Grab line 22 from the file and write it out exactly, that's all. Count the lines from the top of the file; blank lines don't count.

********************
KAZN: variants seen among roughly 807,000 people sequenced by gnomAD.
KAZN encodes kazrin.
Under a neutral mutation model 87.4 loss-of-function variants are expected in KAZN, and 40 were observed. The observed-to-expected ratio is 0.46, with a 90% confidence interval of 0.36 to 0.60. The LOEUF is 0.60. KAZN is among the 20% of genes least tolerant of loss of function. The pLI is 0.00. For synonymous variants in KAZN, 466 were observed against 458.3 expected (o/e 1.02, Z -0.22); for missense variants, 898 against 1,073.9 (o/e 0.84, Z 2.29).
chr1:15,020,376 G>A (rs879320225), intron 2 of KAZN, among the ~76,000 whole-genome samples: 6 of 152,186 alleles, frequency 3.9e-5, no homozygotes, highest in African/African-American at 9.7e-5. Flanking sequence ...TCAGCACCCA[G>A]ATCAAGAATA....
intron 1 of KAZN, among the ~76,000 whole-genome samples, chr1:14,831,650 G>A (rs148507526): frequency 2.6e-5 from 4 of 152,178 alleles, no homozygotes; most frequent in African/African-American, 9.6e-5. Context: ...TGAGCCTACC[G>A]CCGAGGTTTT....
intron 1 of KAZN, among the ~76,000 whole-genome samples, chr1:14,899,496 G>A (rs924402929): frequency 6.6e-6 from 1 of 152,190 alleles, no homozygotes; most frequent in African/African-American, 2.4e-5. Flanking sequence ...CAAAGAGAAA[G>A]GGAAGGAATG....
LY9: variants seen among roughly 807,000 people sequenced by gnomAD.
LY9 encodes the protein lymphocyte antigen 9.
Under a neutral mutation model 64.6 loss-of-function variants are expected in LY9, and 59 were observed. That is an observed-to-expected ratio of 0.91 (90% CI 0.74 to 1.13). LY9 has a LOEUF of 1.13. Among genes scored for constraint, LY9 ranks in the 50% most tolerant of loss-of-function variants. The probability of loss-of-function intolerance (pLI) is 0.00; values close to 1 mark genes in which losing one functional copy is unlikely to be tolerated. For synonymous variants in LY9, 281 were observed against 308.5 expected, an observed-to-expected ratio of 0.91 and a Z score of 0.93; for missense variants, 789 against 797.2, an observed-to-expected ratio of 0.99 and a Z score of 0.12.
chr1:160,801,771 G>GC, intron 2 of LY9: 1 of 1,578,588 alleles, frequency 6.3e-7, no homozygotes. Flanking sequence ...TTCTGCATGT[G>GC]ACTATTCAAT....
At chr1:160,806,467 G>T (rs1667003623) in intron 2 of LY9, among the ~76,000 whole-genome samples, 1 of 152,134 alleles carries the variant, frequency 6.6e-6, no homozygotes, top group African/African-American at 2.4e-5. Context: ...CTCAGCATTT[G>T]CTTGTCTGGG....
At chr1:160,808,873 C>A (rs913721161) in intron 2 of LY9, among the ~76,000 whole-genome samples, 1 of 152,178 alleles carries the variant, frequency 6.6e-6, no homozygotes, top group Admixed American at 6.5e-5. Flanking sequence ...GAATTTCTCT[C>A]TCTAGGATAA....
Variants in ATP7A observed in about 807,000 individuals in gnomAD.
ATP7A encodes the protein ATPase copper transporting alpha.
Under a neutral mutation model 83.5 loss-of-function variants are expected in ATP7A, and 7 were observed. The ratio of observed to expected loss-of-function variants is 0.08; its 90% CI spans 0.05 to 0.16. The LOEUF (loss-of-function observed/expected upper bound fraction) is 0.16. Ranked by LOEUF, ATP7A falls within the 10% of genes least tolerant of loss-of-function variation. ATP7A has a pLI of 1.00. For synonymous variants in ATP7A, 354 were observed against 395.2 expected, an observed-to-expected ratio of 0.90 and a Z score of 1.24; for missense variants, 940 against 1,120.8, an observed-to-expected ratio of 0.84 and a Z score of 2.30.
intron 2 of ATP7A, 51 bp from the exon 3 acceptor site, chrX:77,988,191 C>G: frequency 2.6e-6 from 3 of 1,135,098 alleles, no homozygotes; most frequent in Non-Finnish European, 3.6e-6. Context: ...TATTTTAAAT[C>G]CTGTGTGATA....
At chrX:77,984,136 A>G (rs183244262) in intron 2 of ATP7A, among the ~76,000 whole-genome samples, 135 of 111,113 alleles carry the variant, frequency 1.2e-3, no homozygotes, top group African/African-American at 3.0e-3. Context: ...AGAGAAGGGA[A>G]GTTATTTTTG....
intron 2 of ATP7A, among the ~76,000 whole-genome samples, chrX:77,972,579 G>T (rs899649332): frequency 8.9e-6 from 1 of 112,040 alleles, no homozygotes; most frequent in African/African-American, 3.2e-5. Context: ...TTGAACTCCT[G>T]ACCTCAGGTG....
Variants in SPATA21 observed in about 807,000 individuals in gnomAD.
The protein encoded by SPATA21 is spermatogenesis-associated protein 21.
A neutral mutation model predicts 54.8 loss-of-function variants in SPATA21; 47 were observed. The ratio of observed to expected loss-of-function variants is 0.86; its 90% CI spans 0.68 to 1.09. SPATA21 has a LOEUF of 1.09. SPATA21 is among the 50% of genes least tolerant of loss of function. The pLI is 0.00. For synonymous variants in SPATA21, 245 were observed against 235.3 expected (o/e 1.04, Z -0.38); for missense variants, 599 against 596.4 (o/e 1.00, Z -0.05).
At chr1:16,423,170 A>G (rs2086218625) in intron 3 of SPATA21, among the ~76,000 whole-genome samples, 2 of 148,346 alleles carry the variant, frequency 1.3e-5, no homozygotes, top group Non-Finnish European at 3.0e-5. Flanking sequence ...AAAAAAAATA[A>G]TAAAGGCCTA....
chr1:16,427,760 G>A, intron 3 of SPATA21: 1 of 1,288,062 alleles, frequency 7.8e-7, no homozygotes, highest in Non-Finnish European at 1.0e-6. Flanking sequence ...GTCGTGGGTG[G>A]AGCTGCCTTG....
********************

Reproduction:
At chr1:16,423,170 A>G (rs2086218625) in intron 3 of SPATA21, among the ~76,000 whole-genome samples, 2 of 148,346 alleles carry the variant, frequency 1.3e-5, no homozygotes, top group Non-Finnish European at 3.0e-5. Flanking sequence ...AAAAAAAATA[A>G]TAAAGGCCTA....